Posted by: mulrickillion | October 31, 2011

EIA – Australia Country Analysis Brief – October 2011


U.S. Energy Information Agency (EIA)

Australia Country Analysis – October 2011

>>Download Full Country Analysis Brief

Australia was the world’s largest coal exporter and the fourth largest exporter of liquefied natural gas in 2010, after Qatar, Indonesia, and Malaysia. Australia is a net importer of crude oil and refined petroleum products, but a net exporter of liquefied petroleum gas (LPG). Hydrocarbon exports accounted for 34 percent of total commodity export revenues in its fiscal year 2009-2010. Australia’s dependence on oil imports is projected to increase as domestic consumption increases and production continues to decline.  

For more information on Australia’s energy sector, visit


Australia was the world’s largest coal exporter and the fourth largest LNG exporter in 2010

Australia has considerable petroleum, natural gas and coal reserves and is one of the few countries belonging to the Organization for Economic Cooperation and Development (OECD) that is a significant net hydrocarbon exporter, exporting about two-thirds of its total energy production. Australia was the world’s largest coal exporter and, according to Cedigaz, the fourth largest exporter of liquefied natural gas (LNG) in 2010, after Qatar, Indonesia, and Malaysia. Australia is a net importer of crude oil and refined petroleum products, but a net exporter of liquefied petroleum gas (LPG). Hydrocarbon exports accounted for 34 percent of total commodity export revenues in its fiscal year 2009-2010.

Australia’s stable political environment, substantial hydrocarbon reserves, and proximity to Asian markets make it an attractive place for foreign investment.

Map of Australia


Australia’s dependence on oil imports is projected to continue to increase as domestic consumption increases and production continues to slowly decline

According to The Oil and Gas Journal (OGJ), Australia had 3.3 billion barrels of proven oil reserves as of January 1, 2011. Australian crude oil is of the light variety, typically low in sulfur and wax, and therefore of higher value than the heavier crudes. The majority of reserves are located off the coasts of Western Australia, Victoria, and the Northern Territory. Western Australia has 64 percent of the country’s proven crude oil reserves, as well as 75 percent of its condensate and 58 percent of its LPG. The two largest producing basins are the Carnarvon Basin in the northwest and the Gippsland Basin in the southeast. While Carnarvon Basin production, accounting for 72 percent of total liquids production, is mostly exported, Gippsland Basin production, accounting for 24 percent, is predominantly used in domestic refining.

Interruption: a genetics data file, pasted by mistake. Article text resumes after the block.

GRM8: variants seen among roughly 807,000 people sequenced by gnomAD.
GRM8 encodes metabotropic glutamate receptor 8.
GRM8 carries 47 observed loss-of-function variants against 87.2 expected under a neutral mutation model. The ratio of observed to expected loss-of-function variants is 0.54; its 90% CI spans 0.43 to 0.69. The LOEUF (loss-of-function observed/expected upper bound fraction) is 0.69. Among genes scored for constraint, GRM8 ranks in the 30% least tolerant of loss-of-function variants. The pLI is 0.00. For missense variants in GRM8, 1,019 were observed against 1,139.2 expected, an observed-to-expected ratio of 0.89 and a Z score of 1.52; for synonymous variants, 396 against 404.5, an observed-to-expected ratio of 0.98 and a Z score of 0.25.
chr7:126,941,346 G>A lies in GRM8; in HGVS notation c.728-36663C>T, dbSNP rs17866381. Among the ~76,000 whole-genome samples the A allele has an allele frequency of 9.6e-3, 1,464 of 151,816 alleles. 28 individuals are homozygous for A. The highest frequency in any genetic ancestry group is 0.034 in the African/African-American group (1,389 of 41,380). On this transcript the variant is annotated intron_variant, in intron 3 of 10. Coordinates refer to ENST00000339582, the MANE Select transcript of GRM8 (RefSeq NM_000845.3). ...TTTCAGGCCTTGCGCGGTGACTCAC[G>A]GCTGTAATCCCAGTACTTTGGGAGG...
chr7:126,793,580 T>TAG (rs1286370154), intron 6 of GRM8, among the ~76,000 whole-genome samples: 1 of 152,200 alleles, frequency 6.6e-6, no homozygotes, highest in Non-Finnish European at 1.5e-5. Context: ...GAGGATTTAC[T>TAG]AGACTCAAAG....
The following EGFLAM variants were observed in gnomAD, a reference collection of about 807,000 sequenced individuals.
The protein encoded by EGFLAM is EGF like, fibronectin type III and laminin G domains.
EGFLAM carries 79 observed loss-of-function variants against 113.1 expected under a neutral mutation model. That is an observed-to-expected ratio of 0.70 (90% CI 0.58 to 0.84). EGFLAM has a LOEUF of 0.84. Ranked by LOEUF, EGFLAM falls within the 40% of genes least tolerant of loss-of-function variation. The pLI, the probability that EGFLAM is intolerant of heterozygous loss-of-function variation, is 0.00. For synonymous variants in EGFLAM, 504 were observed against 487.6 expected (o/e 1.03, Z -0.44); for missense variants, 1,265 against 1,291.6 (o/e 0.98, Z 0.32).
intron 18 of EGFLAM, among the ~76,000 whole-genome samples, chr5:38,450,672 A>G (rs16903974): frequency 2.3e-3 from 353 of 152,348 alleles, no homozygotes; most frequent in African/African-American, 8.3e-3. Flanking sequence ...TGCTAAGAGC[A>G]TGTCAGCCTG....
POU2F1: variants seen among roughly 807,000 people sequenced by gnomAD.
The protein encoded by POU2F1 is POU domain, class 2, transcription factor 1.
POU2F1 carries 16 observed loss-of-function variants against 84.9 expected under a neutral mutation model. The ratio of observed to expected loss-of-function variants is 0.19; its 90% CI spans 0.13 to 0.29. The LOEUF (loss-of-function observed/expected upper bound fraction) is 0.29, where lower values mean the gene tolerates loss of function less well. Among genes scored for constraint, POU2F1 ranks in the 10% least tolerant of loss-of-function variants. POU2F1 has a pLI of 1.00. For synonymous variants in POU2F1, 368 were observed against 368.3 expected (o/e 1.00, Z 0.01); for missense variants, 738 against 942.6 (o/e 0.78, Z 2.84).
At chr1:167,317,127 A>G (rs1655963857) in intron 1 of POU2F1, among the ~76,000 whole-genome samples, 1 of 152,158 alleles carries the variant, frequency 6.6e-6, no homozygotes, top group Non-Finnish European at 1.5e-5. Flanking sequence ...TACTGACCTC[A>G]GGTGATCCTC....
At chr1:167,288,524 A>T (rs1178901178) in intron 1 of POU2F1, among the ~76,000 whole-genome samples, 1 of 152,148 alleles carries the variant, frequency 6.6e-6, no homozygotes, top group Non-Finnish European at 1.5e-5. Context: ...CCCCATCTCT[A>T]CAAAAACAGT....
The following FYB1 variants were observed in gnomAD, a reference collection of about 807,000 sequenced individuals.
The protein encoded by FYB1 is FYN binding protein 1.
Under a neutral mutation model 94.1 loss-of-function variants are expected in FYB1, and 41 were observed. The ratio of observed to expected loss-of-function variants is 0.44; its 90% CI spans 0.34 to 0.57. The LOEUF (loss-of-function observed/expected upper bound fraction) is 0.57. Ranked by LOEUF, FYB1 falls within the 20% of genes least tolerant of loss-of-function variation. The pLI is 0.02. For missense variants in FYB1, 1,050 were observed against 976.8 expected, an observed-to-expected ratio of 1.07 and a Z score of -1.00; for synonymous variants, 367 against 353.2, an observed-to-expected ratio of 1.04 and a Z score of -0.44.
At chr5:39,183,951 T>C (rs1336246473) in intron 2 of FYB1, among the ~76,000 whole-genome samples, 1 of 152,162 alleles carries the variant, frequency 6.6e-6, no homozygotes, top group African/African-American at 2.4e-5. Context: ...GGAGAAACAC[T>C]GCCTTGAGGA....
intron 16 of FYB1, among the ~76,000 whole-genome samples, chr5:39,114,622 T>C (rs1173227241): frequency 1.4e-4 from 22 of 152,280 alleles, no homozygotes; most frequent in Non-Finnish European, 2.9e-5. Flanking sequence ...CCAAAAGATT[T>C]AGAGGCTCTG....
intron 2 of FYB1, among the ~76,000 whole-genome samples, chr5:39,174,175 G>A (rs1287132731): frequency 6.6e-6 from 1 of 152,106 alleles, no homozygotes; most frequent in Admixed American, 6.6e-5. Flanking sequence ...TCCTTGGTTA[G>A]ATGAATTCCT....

Australia's Oil Production and Consumption, 1991-2010

Sector Organization

Australia’s management of oil exploration and production is divided between the states’ and the Federal (Commonwealth) governments. Australia’s states manage the applications for onshore exploration and production projects, while the Commonwealth shares jurisdiction over Australia’s offshore projects with the adjacent state or territory. The Department of Resources, Energy and Tourism (RET) and the Ministerial Council on Energy (MCE) function as regulatory bodies over Australia’s oil sector. In place of a national oil company, the Australian government supports privately held Australian companies, of which the largest are Woodside Petroleum and Santos. ExxonMobil is the largest foreign oil producer; other international oil companies include Shell, Chevron, ConocoPhillips, Japex, Total, BHP Billiton, and Apache.


Oil production totaled 549,000 barrels per day (bbl/d) in 2010, of which 79 percent (435,000 bbl/d) was crude oil. Oil production in Australia peaked in 2000 at 828,000 bbl/d and since has been declining. According to the Australian Petroleum Production and Exploration Association (APPEA), oil liquids production will continue to decline unless major new fields are discovered.

Australia’s main frontier for oil exploration has moved in recent years to the deepwater area of the Timor Sea, although the nearby Carnarvon Basin off the coast of Western Australia remains the busiest area in terms of overall drilling activity. After a spike in drilling activity in the past decade, several significant discoveries are now in the process of being put into commercial operation.

The Pyrenees and Van Gogh projects offshore Western Australia came online in the first quarter of 2010, with production capacities of 96,000 bbl/d and 150,000 bbl/d, respectively. In fiscal year 2010-2011, these projects are projected by the Australian Bureau of Agricultural and Resource Economics (ABARE) to increase oil exports by 7 percent in line with higher production. The Kipper and Turum oilfields in the Gippsland Basin, southeastern Australia are expected to start up in 2012 at 20,000 bbl/d. These additions to production are expected to help offset the declining output in other fields in the short term.


Australia has a well-developed domestic oil and gas pipeline network. The Australian Pipeline Trust, with 6,200 miles of pipeline, is the largest operator. Epic Energy is the second-largest, with 2,500 miles of pipeline. Santos operates two major domestic pipelines that are used for carrying oil and oil products, which include the Jackson to Brisbane line that spans 500 miles, and the Mereenie to Alice Springs line that covers 167 miles. Esso Australia Ltd. operates the 115-mile Longford to Long Island Point pipeline.

Imports and Exports